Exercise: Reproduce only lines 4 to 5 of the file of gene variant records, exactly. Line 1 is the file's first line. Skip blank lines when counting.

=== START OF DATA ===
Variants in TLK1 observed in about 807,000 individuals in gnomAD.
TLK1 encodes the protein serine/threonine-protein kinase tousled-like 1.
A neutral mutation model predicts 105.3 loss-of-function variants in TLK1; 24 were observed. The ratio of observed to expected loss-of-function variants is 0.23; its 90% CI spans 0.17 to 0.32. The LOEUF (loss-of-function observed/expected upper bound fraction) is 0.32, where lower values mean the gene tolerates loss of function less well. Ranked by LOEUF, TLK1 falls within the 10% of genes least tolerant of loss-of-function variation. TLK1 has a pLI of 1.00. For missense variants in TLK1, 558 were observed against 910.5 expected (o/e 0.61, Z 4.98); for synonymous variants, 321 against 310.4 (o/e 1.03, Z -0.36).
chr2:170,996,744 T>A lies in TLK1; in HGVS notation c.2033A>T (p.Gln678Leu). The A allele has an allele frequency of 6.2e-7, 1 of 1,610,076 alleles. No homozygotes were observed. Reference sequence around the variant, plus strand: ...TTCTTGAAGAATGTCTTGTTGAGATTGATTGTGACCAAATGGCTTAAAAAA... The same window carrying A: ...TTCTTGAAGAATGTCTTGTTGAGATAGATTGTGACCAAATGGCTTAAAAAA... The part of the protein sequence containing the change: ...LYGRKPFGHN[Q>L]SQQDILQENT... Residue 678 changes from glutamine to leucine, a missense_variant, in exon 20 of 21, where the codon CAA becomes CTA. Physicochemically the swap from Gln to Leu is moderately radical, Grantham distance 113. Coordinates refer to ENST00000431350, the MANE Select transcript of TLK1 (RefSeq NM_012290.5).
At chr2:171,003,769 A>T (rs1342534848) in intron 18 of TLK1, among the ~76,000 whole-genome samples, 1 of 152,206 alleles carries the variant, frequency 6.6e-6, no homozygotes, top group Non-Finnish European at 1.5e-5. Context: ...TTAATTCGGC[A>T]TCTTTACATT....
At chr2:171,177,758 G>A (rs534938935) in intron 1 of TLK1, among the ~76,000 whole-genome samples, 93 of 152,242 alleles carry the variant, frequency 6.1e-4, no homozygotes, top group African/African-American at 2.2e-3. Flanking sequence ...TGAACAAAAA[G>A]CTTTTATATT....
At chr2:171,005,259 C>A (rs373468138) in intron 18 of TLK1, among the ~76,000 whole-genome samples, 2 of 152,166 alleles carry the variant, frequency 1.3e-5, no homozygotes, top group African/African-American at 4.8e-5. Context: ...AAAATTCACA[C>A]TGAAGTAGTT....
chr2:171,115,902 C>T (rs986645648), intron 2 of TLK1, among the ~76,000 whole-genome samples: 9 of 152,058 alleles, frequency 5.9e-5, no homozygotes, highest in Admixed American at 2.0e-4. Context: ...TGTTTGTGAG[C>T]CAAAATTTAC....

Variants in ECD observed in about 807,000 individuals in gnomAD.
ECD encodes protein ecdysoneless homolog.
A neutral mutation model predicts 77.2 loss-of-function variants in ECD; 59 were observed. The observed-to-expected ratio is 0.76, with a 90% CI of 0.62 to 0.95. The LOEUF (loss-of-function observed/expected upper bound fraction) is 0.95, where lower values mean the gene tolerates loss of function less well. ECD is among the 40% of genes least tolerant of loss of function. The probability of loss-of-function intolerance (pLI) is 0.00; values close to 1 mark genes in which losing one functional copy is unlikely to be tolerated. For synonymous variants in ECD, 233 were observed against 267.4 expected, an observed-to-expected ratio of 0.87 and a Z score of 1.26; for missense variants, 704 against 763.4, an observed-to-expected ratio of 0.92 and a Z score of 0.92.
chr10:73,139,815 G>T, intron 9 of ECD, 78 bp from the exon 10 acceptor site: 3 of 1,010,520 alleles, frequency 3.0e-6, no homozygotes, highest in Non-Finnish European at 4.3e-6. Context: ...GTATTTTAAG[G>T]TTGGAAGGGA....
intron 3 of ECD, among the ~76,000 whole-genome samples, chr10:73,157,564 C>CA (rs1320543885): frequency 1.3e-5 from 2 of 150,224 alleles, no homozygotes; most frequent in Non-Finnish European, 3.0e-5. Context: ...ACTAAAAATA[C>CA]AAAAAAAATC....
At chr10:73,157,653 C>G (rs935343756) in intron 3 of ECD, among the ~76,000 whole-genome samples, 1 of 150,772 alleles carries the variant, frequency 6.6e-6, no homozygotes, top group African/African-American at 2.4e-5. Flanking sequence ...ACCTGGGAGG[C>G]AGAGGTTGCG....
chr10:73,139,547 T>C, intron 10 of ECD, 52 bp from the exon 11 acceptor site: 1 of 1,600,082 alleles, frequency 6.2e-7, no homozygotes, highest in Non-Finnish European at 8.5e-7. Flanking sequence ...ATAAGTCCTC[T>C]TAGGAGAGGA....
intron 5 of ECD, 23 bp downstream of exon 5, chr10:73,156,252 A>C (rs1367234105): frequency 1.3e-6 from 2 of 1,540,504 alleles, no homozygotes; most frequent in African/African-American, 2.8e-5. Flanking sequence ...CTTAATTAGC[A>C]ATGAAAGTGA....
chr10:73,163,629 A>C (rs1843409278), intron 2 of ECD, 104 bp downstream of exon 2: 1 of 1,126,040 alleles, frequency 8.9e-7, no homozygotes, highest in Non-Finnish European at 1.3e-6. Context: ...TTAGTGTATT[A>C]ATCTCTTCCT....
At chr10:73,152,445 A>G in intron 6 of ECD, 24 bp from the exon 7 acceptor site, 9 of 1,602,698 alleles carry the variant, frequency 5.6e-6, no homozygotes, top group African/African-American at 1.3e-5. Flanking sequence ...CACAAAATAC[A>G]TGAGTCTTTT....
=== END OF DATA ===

chr2:170,996,744 T>A lies in TLK1; in HGVS notation c.2033A>T (p.Gln678Leu). The A allele has an allele frequency of 6.2e-7, 1 of 1,610,076 alleles. No homozygotes were observed. Reference sequence around the variant, plus strand: ...TTCTTGAAGAATGTCTTGTTGAGATTGATTGTGACCAAATGGCTTAAAAAA... The same window carrying A: ...TTCTTGAAGAATGTCTTGTTGAGATAGATTGTGACCAAATGGCTTAAAAAA... The part of the protein sequence containing the change: ...LYGRKPFGHN[Q>L]SQQDILQENT... Residue 678 changes from glutamine to leucine, a missense_variant, in exon 20 of 21, where the codon CAA becomes CTA. Physicochemically the swap from Gln to Leu is moderately radical, Grantham distance 113. Coordinates refer to ENST00000431350, the MANE Select transcript of TLK1 (RefSeq NM_012290.5).
At chr2:171,003,769 A>T (rs1342534848) in intron 18 of TLK1, among the ~76,000 whole-genome samples, 1 of 152,206 alleles carries the variant, frequency 6.6e-6, no homozygotes, top group Non-Finnish European at 1.5e-5. Context: ...TTAATTCGGC[A>T]TCTTTACATT....